Secondary School Tegernseer Tal with Triple Sports Hall, Gmund
Landratsamt Miesbach / SKE Facility Management GmbH, Mannheim
Start of Planning - Completion
2012 - 2014
2 - 5
Planning: Anders Mrusek, Silke Koller, Kurt Bauer, Peter Schweiger
Total cost 17,100,000 €
Gross floor area 9,832 m²
The architecture of the secondary school in the Bavarian town of Gmund supports the educational concept of a school offering all-day classes. A flexible interior design ensures suitability for diverse future teaching and learning environments. The narrowness of the plot of land as well as a neighbourhood with small-scale constructions resulted in an ensemble of simple rectangular buildings, composed of a three-storey school and a sports hall divisible into three sections. While the taller school building located near the street is architecturally prominent, the lower sports hall construction – one floor of which is underground – forms a more moderate transition to the open landscape. An interesting spatial sequence presents itself to the students starting from the forecourt and continuing through the assembly hall, inner courtyard and recess area, and finally ending at the sports hall and outdoor sports areas merging into a meadow-like landscape.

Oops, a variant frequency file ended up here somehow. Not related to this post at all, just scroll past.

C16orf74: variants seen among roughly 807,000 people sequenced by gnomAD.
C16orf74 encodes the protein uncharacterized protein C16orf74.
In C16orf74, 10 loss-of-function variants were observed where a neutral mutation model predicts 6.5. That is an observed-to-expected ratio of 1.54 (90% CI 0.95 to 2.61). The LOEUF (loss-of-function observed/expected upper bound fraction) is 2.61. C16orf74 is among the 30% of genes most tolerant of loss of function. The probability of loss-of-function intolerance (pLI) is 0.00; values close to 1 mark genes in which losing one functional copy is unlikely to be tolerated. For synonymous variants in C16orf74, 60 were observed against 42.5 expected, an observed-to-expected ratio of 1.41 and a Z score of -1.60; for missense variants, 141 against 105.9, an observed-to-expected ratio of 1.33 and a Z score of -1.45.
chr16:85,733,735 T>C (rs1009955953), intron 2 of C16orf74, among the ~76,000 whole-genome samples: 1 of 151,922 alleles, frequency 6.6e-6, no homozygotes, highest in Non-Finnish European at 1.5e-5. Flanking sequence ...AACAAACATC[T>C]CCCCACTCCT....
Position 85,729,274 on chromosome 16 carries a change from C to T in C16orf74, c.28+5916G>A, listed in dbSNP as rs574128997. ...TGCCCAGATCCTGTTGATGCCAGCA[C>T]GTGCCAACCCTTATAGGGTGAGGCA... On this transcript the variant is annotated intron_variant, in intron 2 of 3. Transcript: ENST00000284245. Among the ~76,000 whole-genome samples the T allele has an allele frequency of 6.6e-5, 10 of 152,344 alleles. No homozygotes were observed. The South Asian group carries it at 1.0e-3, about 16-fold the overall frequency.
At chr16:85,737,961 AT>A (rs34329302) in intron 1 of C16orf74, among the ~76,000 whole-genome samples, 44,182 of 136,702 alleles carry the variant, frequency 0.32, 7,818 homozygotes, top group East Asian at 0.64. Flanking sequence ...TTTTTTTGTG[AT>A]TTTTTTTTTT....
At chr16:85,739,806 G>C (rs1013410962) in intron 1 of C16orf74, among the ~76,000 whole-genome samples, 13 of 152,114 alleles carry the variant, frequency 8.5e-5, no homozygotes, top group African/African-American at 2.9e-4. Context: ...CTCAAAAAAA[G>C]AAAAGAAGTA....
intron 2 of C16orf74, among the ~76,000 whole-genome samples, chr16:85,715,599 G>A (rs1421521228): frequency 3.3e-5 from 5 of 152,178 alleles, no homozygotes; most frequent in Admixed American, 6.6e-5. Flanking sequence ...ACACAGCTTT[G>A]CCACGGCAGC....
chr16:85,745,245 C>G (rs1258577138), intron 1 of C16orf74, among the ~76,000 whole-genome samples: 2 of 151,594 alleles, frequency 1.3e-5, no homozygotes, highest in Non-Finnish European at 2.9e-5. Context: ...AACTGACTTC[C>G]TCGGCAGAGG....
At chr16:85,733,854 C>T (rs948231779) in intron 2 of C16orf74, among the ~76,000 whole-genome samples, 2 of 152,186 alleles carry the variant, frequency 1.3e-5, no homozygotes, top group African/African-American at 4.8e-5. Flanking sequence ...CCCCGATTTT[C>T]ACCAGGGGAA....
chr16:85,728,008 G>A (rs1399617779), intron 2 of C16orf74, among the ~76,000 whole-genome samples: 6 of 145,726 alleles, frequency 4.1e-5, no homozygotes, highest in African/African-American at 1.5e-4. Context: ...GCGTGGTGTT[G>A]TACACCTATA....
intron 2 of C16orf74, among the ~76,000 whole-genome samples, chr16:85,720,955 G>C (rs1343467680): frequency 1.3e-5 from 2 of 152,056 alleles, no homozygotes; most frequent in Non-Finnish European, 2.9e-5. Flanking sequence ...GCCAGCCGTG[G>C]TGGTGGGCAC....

The multi-storey assembly hall is the centre of the school and main venue for school events. Direct connection to a multi-purpose room, dining room and library permits diverse utilisation and spatial organisation during events. On the ground floor, the spatial programme includes art, craft, music and computer science rooms, as well as a teaching kitchen. On the upper floors, corridors around the inner courtyard lead from the assembly hall to classrooms and science rooms.
A compact and orientation-friendly design together with numerous places for students to meet and stay, creates a vibrant school landscape and promotes communication between lessons. Wood, a typical local material, is used on the façade. The liveliness and naturalness of the vertical larch wood structure composed of lighter and darker elements continues inside with wooden floors in the classrooms and wooden windows.